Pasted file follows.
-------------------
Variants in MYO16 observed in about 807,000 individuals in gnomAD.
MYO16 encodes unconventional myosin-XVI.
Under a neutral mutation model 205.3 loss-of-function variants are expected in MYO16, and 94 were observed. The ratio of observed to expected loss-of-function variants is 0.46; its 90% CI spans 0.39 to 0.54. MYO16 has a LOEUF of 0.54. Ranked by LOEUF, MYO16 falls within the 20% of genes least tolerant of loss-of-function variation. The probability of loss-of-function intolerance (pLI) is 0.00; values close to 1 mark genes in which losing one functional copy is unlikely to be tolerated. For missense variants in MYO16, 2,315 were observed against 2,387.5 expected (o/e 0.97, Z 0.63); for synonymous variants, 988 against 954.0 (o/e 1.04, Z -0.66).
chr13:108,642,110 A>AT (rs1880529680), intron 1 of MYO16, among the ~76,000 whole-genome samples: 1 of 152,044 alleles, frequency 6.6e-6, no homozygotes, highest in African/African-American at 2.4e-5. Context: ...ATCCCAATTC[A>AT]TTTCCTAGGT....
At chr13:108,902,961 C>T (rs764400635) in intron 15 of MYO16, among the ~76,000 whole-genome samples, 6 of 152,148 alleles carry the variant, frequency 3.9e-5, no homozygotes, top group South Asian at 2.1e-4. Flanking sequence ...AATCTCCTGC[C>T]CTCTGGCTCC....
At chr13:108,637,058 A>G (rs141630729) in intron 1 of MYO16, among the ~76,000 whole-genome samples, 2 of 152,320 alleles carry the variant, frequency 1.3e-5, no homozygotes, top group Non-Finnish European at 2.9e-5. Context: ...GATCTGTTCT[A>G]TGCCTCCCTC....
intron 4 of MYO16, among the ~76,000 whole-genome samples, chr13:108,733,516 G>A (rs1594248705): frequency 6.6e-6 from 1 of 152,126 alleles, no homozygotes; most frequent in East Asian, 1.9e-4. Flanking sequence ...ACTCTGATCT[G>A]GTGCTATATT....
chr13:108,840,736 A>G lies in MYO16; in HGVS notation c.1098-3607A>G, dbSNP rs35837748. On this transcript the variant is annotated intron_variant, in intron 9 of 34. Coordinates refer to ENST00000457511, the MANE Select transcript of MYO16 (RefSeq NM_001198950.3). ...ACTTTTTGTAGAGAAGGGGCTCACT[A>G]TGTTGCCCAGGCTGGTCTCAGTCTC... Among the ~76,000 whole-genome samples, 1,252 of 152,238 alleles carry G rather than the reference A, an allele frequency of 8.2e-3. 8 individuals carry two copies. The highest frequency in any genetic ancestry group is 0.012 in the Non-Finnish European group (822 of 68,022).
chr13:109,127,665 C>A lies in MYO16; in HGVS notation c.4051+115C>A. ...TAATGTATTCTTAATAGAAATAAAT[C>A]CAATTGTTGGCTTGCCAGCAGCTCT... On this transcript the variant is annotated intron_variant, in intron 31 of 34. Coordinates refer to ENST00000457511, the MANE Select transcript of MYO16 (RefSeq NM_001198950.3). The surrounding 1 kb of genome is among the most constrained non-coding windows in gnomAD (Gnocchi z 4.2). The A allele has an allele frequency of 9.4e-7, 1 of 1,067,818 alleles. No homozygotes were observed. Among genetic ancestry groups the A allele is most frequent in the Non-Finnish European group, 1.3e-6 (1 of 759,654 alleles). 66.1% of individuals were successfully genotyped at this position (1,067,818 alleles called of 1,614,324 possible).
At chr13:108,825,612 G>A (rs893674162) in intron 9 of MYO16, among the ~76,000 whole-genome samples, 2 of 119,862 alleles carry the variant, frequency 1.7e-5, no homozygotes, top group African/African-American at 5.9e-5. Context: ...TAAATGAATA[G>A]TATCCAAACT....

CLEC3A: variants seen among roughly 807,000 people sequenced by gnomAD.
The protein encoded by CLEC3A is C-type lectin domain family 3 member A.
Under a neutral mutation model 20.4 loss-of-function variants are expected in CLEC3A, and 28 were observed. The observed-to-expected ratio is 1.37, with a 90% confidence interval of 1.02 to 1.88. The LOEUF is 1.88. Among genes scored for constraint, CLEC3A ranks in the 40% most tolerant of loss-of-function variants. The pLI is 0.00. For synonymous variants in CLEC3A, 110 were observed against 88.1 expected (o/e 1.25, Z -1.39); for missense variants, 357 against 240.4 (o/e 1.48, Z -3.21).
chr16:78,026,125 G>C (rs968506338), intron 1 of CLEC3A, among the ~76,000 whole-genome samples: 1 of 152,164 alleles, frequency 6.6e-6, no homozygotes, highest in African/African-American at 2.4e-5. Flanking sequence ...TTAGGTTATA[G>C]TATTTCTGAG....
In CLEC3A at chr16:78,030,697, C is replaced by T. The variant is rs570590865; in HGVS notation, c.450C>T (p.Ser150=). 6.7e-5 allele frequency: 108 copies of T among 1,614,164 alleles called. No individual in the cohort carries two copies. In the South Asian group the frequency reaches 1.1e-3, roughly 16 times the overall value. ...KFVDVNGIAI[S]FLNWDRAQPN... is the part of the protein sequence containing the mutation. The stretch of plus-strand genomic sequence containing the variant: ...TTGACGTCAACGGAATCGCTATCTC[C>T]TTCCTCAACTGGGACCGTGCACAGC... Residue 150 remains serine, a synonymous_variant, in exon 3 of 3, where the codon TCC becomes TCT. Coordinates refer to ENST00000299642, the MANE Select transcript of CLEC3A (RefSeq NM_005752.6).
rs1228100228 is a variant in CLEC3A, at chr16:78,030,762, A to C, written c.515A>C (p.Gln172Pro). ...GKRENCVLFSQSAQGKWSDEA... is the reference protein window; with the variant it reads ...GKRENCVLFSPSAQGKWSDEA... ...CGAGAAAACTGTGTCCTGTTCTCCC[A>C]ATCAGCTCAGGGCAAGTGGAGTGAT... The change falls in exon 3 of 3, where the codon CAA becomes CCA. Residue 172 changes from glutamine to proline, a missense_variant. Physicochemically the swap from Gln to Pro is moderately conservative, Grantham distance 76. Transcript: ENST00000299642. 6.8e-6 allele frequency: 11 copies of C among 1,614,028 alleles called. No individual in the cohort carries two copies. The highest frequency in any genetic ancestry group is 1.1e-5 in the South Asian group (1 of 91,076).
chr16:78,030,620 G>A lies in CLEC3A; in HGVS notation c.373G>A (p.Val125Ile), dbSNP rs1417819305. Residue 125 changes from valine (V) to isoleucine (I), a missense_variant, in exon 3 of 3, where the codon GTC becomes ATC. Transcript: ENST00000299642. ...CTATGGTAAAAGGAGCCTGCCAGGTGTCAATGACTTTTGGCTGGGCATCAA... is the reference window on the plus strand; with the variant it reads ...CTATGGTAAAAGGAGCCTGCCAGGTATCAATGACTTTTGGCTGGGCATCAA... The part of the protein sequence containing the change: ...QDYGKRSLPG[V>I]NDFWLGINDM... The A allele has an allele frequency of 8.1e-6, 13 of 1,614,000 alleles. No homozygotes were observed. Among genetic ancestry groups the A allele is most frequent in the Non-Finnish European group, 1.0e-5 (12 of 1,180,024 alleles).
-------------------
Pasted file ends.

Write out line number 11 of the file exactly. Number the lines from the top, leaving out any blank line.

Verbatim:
CLEC3A: variants seen among roughly 807,000 people sequenced by gnomAD.